Practical cooperation

By: Cris Evert Lato-Ruffolo July 15,2017 - 12:11 AM

Peng Gang (second from right), deputy director general of the Department of Asian Affairs under the Ministry of Commerce of the People’s Republic of China, briefs media on the economic cooperation between China and the Philippines.

Current China-PH economic relationship has resulted in $24B worth of investment projects

Beijing — China is poised to strengthen economic relations with the Philippines and follow through with its investment pledges via infrastructure development nine months after President Rodrigo Duterte’s official visit here, an official of the Ministry of Commerce (MOFCOM) said.

Peng Gang, deputy director general of MOFCOM’s Department of Asian Affairs, said economic cooperation between the Philippines and China continues to grow stronger in the import-export field, infrastructure development and two-way investments.

In a 40-minute press briefing here, Peng outlined the areas of economic cooperation between the two countries which has rekindled its friendly relations after the first meeting of President Duterte and Chinese President Xi Jinping in October 2016 which resulted in a $24 billion worth of investment projects and credit facilities.

In last Wednesday’s briefing, Peng said China is funding the construction of two drug rehabilitation centers in Mindanao with a 300-person capacity, along with feasibility studies of the Davao Skyway and Panay-Negros-Guimaras Link Bridges.

Peng did not mention the project costs of these undertakings.


Peng described the current China-Philippines relationship as “practical cooperation” that has spawned various trade agreements and investment pledges.

Peng said the first five months of 2017 saw trade volume growth of 8.1 percent from the previous period, which translates to a total amount of $19.4 billion.

“In the year 2016, China is the second-largest trade partner of the Philippines. In the first four months of 2017, trade volume income is $7.1 billion, which accounts for 15 percent of total trade volume of the Philippines,” he said.

“Combining mainland China, Hong Kong and Macau, China is now the biggest trade partner of the Philippines accounting for 20 percent of the trade volume,” he said.

Peng said they had two procurement missions which approved licenses of 21 Philippine companies to export bananas and pineapples. Another seven companies were approved to export mangoes to China. Other Philippine-grown fruits to be exported to China are avocado, mangosteen, melon and dragonfruit.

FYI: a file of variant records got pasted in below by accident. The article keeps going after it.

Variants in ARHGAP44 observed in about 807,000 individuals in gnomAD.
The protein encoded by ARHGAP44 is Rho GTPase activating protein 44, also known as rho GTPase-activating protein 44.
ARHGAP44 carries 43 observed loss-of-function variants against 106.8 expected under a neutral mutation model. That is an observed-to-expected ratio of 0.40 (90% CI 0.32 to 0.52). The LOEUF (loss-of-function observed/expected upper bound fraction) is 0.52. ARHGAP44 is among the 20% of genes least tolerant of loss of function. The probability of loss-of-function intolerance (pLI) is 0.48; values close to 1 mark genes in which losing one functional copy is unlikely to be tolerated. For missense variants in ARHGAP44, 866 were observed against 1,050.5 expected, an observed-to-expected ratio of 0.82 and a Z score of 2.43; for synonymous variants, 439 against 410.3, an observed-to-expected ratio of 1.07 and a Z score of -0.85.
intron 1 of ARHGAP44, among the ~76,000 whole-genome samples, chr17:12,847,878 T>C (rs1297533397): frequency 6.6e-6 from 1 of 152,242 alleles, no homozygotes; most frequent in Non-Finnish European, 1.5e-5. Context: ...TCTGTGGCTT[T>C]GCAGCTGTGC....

He said they will provide market access and Customs facilities for Philippine companies to establish business relations with Chinese counterparts.


Peng said more Chinese investors are looking at the Philippines as an investment partner with its young labor force and English-speaking population.

The Philippine government’s intense fight against corruption entices Chinese investors to seek out partnerships in the Philippines.

He said this move is coupled with more efficient business policies implemented by the current Philippine leadership.

“Before that, many Chinese companies expressed interest to invest (in the Philippines), but they stopped because of the policies of the previous administration,” he said.

Peng did not elaborate what specific policies hindered Chinese companies from investing in the Philippines during the term of former president Benigno Simeon “Noynoy” Aquino III.

While Chinese investors are looking at working with Philippine companies, Peng said Philippine enterprises have already penetrated the Chinese market.

He mentioned the Liwayway Group, which is behind the Oishi snack brand, as a successful example. SM Prime Holdings, Inc. has seven malls in Xiamen, Jinjiang, Chengdu, Suzhou, Chongqing, Zibo and Tianjin.

Jollibee Foods Corp., through wholly owned subsidiary Jollibee Worldwide Pte. Ltd., operates contemporary Chinese fast-food chains, Zonghe King, Hong Zhuang Yuan and San Pin Wang.

Peng said China is satisfied with the current direction of the bilateral relations. He said they are confident that more areas of cooperation can be developed in the future.

“Economic and trade cooperation is the anchor of our bilateral relations,” he said.


Peng said they will continue to work with chambers of commerce and business associations to facilitate business integration and cooperation.

The Cebu Chamber of Commerce and Industry (CCCI) is active in pursuing business relations with Chinese companies.

CCCI President Melanie Ng said a delegation participated in the Bank of China’s Small and Medium Enterprises Cross Border Business Matching held at the Manila Hotel last March 18.

“We have been working closely with the Consulate of the People’s Republic of China here in Cebu, and we’ve welcomed several trade delegations in the last few months since October of last year,” said Ng.

CCCI is also organizing a trade delegation to attend the China-Asean Expo which will run in Nanning, China, in September.

“We hope to help our members identify trade opportunities for both export and import so as to strengthen and improve the economic ties between Cebu and the China market,” Ng told Cebu Daily News.

In last Wednesday’s interview, Peng encouraged Philippine companies to participate in trade shows and fairs especially the China Import Export Fair, more popularly known as Canton Fair, which is held twice a year.

Canton Fair showcases different products and services of Chinese companies with participants from more than 200 countries.

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TAGS: cooperation, Practical

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